Project leaders: Uta Raeder and Markus Hoffmann, Technical University of Munich

Climate and land use change result in increased inputs into lakes. This includes loads of suspended and humic substances as well as nutrients that promote algae blooms. Such inputs act directly or indirectly as optically active substances and influence the light available to water plants. This effects aquatic plant communities, which structure aquatic habitats and supply essential functions to the lake ecosystem. Consequently, changes in the composition of aquatic plants will have a significant impact on the overall aquatic biodiversity.

Mesocosm experiments in the Limnological Research Station Iffeldorf. (Source: LSI Archive)

The objectives of subproject 3 are:

  1. to investigate consequences of increased input of optically active substances on the composition of the underwater vegetation and thus on lake biodiversity,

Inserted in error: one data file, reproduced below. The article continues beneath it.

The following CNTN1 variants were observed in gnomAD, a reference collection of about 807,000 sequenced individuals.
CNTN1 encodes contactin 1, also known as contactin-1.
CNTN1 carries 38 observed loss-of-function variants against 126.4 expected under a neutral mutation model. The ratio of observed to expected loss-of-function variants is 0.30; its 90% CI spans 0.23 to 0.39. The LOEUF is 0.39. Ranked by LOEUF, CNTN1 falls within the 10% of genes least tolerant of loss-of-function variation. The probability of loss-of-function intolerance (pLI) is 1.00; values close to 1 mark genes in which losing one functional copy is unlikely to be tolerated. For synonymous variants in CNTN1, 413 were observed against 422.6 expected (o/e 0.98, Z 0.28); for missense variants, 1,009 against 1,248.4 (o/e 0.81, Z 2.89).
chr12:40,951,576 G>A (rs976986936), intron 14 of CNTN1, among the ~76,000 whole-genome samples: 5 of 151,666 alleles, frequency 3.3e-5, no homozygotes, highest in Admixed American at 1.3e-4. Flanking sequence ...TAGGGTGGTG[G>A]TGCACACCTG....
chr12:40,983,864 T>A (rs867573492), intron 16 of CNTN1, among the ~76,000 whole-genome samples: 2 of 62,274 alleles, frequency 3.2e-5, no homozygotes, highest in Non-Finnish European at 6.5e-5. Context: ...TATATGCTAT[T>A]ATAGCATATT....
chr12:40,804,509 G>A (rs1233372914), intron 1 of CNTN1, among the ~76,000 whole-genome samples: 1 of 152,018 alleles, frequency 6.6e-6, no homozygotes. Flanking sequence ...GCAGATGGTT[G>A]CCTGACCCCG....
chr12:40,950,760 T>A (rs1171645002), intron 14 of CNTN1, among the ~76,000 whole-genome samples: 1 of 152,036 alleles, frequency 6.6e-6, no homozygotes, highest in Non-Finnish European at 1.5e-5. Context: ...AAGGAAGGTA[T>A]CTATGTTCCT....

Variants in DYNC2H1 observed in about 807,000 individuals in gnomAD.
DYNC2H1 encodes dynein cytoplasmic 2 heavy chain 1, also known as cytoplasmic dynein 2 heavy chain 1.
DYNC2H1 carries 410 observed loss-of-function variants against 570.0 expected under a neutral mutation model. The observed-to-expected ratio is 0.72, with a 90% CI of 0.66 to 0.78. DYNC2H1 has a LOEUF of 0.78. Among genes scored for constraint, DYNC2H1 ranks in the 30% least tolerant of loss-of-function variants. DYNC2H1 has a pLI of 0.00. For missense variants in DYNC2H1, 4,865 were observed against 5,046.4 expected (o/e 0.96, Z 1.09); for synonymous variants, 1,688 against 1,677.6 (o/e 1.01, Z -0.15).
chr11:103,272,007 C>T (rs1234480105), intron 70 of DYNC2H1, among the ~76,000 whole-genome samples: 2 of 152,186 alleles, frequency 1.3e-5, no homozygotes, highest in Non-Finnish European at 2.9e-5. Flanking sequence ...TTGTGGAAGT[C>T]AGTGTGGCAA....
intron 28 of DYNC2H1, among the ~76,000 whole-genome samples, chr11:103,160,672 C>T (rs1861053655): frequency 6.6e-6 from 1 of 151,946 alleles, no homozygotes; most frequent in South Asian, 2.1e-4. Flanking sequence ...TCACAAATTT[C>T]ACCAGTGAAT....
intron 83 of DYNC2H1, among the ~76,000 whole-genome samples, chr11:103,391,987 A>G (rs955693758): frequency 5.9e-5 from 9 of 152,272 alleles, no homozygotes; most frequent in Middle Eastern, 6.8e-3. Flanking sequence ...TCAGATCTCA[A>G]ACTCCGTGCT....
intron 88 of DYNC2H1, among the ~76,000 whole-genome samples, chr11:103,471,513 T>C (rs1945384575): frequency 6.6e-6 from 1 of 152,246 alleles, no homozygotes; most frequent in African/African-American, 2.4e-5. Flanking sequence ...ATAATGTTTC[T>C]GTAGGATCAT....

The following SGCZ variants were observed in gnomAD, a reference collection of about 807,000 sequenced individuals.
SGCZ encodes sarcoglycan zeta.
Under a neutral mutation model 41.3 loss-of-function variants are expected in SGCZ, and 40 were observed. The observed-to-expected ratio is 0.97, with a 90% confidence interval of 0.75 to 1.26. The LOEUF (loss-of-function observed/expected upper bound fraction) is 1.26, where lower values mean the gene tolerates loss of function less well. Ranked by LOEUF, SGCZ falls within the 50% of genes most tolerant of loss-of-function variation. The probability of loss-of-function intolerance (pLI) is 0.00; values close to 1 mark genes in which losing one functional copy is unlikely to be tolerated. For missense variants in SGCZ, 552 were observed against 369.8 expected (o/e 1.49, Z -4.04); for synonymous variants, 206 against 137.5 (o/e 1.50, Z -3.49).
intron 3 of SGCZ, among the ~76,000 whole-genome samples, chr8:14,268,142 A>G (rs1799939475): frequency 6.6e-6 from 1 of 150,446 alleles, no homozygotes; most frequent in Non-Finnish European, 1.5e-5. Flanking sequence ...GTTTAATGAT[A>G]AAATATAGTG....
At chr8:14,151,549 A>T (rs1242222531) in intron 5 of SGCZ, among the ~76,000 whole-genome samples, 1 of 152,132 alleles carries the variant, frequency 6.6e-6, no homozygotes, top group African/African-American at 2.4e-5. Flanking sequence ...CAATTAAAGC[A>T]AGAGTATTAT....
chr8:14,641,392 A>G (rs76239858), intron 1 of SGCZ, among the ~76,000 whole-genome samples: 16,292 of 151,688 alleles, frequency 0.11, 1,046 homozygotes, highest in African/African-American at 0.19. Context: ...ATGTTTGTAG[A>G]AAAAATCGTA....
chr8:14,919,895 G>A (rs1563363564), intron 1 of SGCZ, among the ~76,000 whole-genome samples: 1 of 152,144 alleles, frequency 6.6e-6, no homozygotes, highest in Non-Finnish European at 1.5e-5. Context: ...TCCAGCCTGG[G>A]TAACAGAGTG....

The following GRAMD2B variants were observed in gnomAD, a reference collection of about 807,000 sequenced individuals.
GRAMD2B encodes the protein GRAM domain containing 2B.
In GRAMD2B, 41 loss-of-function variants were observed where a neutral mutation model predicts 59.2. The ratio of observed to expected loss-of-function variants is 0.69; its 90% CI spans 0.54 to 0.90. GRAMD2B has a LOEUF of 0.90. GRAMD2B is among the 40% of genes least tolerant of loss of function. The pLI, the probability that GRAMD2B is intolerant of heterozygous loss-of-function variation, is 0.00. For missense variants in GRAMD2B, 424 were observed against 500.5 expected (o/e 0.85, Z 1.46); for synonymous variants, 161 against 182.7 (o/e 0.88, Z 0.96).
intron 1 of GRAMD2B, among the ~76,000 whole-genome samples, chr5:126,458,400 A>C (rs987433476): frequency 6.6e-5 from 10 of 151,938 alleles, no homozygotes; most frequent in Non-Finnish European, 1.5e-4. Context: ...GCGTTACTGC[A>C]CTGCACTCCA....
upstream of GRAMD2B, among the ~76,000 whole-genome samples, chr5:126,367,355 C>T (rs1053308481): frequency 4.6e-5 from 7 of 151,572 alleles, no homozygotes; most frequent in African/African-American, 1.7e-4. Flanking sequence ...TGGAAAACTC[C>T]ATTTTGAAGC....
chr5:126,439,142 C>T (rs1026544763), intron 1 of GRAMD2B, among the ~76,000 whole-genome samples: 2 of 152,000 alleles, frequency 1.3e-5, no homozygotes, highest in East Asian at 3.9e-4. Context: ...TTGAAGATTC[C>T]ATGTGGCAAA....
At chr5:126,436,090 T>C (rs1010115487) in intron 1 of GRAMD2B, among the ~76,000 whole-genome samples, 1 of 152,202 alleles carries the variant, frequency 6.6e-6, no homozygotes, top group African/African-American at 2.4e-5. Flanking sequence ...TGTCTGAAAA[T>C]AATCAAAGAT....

and
  2. to determine the threshold values (tipping points) for substance inputs, which lead to significant changes in the underwater vegetation.

In cooperation with subproject 2, the tolerances and preferences of selected aquatic plants (macrophytes) are determined in experiments. On this basis, macrophyte and biodiversity models will be optimised. These studies are based on climate and land use scenarios developed in subprojects 1 and 4. In this way, data for the optimization of biodiversity models will be collected and the predictions of the models confirmed.